Overactive bladder is a condition in which the bladder squeezes urine out at the wrong time.
You may have overactive bladder if you have two or more of these symptoms:
You urinate eight or more times a day or two or more times at night
You have the sudden, strong need to urinate immediately
You leak urine after a sudden, strong urge to urinate
You also may have incontinence, a loss of bladder control. Nerve problems, too much fluid, or too much caffeine can cause it. Often the cause is unknown.
Your doctor may prescribe a medicine that can calm muscles and nerves. The medicine may come as a pill, a liquid, or a patch.
The medicines can cause your eyes to become dry. They can also cause dry mouth and constipation. To deal with these effects, use eye drops to keep your eyes moist, chew sugarless gum or suck on sugarless hard candy if dry mouth bothers you, and take small sips of water throughout the day.
Urgency: This means that you have a sudden urgent desire to pass urine. You are not able to put off going to the toilet.
Frequency: This means going to the toilet often - more than seven times a day. In many cases it is a lot more than seven times a day.
Nocturia: This means waking to go to the toilet more than once at night.
Urge incontinence occurs in some cases: This is a leaking of urine before you can get to the toilet when you have a feeling of urgency.
An OAB occurs when the bladder squeezes (contracts) suddenly without you having control and when the bladder is not full.
OAB syndrome is a common condition where no cause can be found for the repeated and uncontrolled bladder contractions. (For example, it is not due to a urine infection or an enlarged prostate gland.)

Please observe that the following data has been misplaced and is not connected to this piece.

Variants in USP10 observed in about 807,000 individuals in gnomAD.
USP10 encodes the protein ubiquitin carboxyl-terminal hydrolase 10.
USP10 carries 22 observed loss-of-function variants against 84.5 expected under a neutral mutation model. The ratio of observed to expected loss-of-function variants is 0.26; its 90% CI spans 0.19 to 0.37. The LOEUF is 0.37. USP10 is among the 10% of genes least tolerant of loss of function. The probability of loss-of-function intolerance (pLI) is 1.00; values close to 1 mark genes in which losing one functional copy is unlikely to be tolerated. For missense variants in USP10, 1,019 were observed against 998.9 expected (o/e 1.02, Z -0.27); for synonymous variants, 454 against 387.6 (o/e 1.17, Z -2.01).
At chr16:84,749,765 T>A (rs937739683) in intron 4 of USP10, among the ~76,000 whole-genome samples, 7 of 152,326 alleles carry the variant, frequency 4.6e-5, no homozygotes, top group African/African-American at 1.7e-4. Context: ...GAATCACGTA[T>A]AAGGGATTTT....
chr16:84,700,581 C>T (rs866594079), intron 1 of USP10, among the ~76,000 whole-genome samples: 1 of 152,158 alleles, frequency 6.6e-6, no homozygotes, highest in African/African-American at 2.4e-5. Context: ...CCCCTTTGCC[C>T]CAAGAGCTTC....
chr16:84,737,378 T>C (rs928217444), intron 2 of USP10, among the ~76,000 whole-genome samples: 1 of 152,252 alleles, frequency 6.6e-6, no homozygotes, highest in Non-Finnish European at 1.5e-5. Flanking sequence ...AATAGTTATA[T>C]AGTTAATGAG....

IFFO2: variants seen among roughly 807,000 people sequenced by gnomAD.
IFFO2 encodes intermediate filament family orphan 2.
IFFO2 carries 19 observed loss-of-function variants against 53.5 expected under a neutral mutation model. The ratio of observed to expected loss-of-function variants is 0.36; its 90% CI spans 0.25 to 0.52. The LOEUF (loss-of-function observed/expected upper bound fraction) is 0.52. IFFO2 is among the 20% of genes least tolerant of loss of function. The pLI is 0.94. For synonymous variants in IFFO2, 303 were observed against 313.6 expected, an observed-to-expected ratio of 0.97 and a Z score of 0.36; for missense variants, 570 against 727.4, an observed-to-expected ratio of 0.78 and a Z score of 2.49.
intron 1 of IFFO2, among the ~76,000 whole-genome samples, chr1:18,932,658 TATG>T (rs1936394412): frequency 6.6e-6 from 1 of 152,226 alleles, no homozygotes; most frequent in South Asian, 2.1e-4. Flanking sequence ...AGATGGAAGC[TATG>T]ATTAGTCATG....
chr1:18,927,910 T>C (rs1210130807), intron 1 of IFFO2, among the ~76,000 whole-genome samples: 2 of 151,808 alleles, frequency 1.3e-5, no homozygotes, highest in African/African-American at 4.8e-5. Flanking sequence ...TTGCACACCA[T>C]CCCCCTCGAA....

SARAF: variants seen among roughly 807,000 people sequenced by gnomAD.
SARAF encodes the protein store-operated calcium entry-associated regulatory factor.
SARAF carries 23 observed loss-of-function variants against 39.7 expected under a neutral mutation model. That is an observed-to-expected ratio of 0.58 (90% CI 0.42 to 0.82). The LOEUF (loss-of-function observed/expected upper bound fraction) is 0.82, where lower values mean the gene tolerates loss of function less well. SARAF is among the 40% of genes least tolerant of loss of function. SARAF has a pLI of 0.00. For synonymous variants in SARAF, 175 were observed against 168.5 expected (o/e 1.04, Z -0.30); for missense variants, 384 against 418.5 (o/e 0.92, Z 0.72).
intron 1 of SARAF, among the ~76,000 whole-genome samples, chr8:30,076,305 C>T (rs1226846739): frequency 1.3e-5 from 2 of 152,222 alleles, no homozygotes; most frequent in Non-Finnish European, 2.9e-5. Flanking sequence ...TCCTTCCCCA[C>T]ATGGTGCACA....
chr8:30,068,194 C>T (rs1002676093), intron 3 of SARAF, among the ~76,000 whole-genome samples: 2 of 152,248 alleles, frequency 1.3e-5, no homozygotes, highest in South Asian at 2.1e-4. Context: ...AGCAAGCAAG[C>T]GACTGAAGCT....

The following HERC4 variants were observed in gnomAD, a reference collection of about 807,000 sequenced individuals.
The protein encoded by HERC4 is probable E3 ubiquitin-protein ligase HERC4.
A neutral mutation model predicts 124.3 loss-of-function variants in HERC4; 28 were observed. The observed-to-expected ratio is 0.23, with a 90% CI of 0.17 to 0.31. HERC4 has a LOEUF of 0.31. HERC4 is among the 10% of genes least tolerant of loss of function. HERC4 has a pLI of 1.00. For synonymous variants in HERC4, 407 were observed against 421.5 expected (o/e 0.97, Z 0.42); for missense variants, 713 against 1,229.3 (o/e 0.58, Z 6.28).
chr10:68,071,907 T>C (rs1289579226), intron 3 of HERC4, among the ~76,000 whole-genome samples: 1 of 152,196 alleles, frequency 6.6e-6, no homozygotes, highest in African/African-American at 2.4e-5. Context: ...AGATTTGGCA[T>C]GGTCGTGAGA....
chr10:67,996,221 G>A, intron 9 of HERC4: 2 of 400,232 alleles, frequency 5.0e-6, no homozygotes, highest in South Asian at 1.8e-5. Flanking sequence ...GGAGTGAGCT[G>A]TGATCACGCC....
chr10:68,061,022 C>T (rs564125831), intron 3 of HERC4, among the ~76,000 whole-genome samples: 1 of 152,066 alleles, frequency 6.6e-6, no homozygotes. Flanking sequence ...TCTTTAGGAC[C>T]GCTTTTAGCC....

OAB syndrome is sometimes called an irritable bladder or detrusor instability. (Detrusor is the medical name for the bladder muscle.)
Overactive bladder can have more than one cause, including pre-existing conditions.
The urinary bladder is comprised of nerves, muscles, and connective tissue. The most important muscle in the bladder is the detrusor muscle. In normal circumstances, when the bladder fills with urine, it can stretch to hold the urine.
When the volume in the bladder reaches close to 300 cc, the stretch in the wall of the bladder can trigger a nerve response to initiate urination (micturition). This reaction results in loosening of the sphincter in the neck of the bladder (connecting the bladder to the urethra) and contraction of the detrusor muscle so that urination can ensue. This response can be overridden voluntarily by an individual to prevent urination if it is not the right time or place.
Overactive bladder can result from dysfunction of the nerves or muscles in the bladder, most commonly the dysfunction of the detrusor muscle. In OAB, the detrusor can contract inappropriately regardless of how much urine is stored in the bladder, hence the term detrusor overactivity.
Race and gender are not considered major risk factors for overactive bladder.
4 Making a Diagnosis
A diagnosis of overactive bladder depends on the presence of urgency, which differs from a simple urge to void.
The term overactive bladder (OAB) refers to a symptom complex. Therefore, the first part of the evaluation of OAB is to review the patient's lower urinary tract symptoms to ensure that the symptoms are consistent with OAB.
The American Urologic Association (AUA) guidelines recommend assessing for comorbid conditions that may affect bladder function, such as
A typical urge to void is a normal sensation that progressively strengthens when deferred. In contrast, urgency is an abnormal condition characterized by a sudden onset of urgency and difficulty in deferring urination.